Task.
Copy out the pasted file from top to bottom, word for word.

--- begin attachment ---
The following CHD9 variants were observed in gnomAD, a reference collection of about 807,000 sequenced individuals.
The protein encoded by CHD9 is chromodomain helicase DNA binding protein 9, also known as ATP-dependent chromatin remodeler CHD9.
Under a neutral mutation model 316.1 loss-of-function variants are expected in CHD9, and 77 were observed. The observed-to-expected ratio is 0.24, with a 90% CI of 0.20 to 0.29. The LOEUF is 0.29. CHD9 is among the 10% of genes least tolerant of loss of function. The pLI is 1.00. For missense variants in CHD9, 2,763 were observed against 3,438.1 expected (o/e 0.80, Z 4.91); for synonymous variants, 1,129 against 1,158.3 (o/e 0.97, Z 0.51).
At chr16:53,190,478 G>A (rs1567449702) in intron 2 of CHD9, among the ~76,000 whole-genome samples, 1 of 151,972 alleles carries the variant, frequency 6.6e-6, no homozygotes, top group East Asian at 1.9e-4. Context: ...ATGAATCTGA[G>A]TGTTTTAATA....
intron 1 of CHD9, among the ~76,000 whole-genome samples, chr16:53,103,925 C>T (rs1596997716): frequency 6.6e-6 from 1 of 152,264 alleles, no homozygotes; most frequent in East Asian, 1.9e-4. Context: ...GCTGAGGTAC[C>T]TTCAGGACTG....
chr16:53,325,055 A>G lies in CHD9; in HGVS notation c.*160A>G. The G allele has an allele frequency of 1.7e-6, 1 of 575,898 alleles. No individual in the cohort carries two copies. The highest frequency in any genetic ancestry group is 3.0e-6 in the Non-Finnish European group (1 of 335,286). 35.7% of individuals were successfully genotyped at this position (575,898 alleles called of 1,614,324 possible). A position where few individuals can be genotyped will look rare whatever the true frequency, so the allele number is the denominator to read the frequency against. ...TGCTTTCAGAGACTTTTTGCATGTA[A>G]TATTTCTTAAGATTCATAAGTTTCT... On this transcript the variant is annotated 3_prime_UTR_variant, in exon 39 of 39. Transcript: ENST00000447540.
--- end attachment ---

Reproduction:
The following CHD9 variants were observed in gnomAD, a reference collection of about 807,000 sequenced individuals.
The protein encoded by CHD9 is chromodomain helicase DNA binding protein 9, also known as ATP-dependent chromatin remodeler CHD9.
Under a neutral mutation model 316.1 loss-of-function variants are expected in CHD9, and 77 were observed. The observed-to-expected ratio is 0.24, with a 90% CI of 0.20 to 0.29. The LOEUF is 0.29. CHD9 is among the 10% of genes least tolerant of loss of function. The pLI is 1.00. For missense variants in CHD9, 2,763 were observed against 3,438.1 expected (o/e 0.80, Z 4.91); for synonymous variants, 1,129 against 1,158.3 (o/e 0.97, Z 0.51).
At chr16:53,190,478 G>A (rs1567449702) in intron 2 of CHD9, among the ~76,000 whole-genome samples, 1 of 151,972 alleles carries the variant, frequency 6.6e-6, no homozygotes, top group East Asian at 1.9e-4. Context: ...ATGAATCTGA[G>A]TGTTTTAATA....
intron 1 of CHD9, among the ~76,000 whole-genome samples, chr16:53,103,925 C>T (rs1596997716): frequency 6.6e-6 from 1 of 152,264 alleles, no homozygotes; most frequent in East Asian, 1.9e-4. Context: ...GCTGAGGTAC[C>T]TTCAGGACTG....
chr16:53,325,055 A>G lies in CHD9; in HGVS notation c.*160A>G. The G allele has an allele frequency of 1.7e-6, 1 of 575,898 alleles. No individual in the cohort carries two copies. The highest frequency in any genetic ancestry group is 3.0e-6 in the Non-Finnish European group (1 of 335,286). 35.7% of individuals were successfully genotyped at this position (575,898 alleles called of 1,614,324 possible). A position where few individuals can be genotyped will look rare whatever the true frequency, so the allele number is the denominator to read the frequency against. ...TGCTTTCAGAGACTTTTTGCATGTA[A>G]TATTTCTTAAGATTCATAAGTTTCT... On this transcript the variant is annotated 3_prime_UTR_variant, in exon 39 of 39. Transcript: ENST00000447540.